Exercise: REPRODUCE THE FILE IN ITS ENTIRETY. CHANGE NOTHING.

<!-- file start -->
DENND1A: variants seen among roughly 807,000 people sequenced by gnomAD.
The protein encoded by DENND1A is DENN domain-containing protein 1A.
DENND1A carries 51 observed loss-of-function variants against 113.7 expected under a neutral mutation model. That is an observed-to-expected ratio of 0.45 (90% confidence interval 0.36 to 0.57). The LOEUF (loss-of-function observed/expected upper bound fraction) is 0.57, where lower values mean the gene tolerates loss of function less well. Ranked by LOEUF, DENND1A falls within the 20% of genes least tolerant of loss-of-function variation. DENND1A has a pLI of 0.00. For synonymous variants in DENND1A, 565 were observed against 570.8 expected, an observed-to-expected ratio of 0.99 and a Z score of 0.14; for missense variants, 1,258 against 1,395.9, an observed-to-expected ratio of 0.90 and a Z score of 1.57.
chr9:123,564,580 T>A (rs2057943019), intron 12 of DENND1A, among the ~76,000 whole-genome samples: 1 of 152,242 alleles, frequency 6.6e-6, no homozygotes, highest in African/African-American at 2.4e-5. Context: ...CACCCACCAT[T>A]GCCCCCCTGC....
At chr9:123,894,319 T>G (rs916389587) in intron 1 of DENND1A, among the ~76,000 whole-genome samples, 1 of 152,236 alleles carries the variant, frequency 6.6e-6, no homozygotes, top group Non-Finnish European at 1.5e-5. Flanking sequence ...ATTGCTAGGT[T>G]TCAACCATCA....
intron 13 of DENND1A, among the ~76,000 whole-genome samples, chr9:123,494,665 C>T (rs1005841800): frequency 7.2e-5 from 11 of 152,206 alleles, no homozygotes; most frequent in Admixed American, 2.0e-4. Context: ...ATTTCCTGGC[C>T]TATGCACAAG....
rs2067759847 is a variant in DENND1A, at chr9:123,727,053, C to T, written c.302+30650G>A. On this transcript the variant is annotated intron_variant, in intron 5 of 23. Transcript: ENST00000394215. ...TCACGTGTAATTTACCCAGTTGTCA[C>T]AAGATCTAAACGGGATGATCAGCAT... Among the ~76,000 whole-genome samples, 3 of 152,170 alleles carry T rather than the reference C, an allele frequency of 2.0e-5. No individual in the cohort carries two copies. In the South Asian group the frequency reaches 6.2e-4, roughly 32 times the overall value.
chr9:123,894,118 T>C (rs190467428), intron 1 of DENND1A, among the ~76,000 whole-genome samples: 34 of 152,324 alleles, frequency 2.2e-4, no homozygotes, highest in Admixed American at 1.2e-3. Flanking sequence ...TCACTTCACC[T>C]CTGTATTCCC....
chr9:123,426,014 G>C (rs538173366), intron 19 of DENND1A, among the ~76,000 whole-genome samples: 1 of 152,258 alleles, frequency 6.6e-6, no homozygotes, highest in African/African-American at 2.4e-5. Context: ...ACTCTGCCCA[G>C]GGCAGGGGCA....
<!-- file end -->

DENND1A: variants seen among roughly 807,000 people sequenced by gnomAD.
The protein encoded by DENND1A is DENN domain-containing protein 1A.
DENND1A carries 51 observed loss-of-function variants against 113.7 expected under a neutral mutation model. That is an observed-to-expected ratio of 0.45 (90% confidence interval 0.36 to 0.57). The LOEUF (loss-of-function observed/expected upper bound fraction) is 0.57, where lower values mean the gene tolerates loss of function less well. Ranked by LOEUF, DENND1A falls within the 20% of genes least tolerant of loss-of-function variation. DENND1A has a pLI of 0.00. For synonymous variants in DENND1A, 565 were observed against 570.8 expected, an observed-to-expected ratio of 0.99 and a Z score of 0.14; for missense variants, 1,258 against 1,395.9, an observed-to-expected ratio of 0.90 and a Z score of 1.57.
chr9:123,564,580 T>A (rs2057943019), intron 12 of DENND1A, among the ~76,000 whole-genome samples: 1 of 152,242 alleles, frequency 6.6e-6, no homozygotes, highest in African/African-American at 2.4e-5. Context: ...CACCCACCAT[T>A]GCCCCCCTGC....
At chr9:123,894,319 T>G (rs916389587) in intron 1 of DENND1A, among the ~76,000 whole-genome samples, 1 of 152,236 alleles carries the variant, frequency 6.6e-6, no homozygotes, top group Non-Finnish European at 1.5e-5. Flanking sequence ...ATTGCTAGGT[T>G]TCAACCATCA....
intron 13 of DENND1A, among the ~76,000 whole-genome samples, chr9:123,494,665 C>T (rs1005841800): frequency 7.2e-5 from 11 of 152,206 alleles, no homozygotes; most frequent in Admixed American, 2.0e-4. Context: ...ATTTCCTGGC[C>T]TATGCACAAG....
rs2067759847 is a variant in DENND1A, at chr9:123,727,053, C to T, written c.302+30650G>A. On this transcript the variant is annotated intron_variant, in intron 5 of 23. Transcript: ENST00000394215. ...TCACGTGTAATTTACCCAGTTGTCA[C>T]AAGATCTAAACGGGATGATCAGCAT... Among the ~76,000 whole-genome samples, 3 of 152,170 alleles carry T rather than the reference C, an allele frequency of 2.0e-5. No individual in the cohort carries two copies. In the South Asian group the frequency reaches 6.2e-4, roughly 32 times the overall value.
chr9:123,894,118 T>C (rs190467428), intron 1 of DENND1A, among the ~76,000 whole-genome samples: 34 of 152,324 alleles, frequency 2.2e-4, no homozygotes, highest in Admixed American at 1.2e-3. Flanking sequence ...TCACTTCACC[T>C]CTGTATTCCC....
chr9:123,426,014 G>C (rs538173366), intron 19 of DENND1A, among the ~76,000 whole-genome samples: 1 of 152,258 alleles, frequency 6.6e-6, no homozygotes, highest in African/African-American at 2.4e-5. Context: ...ACTCTGCCCA[G>C]GGCAGGGGCA....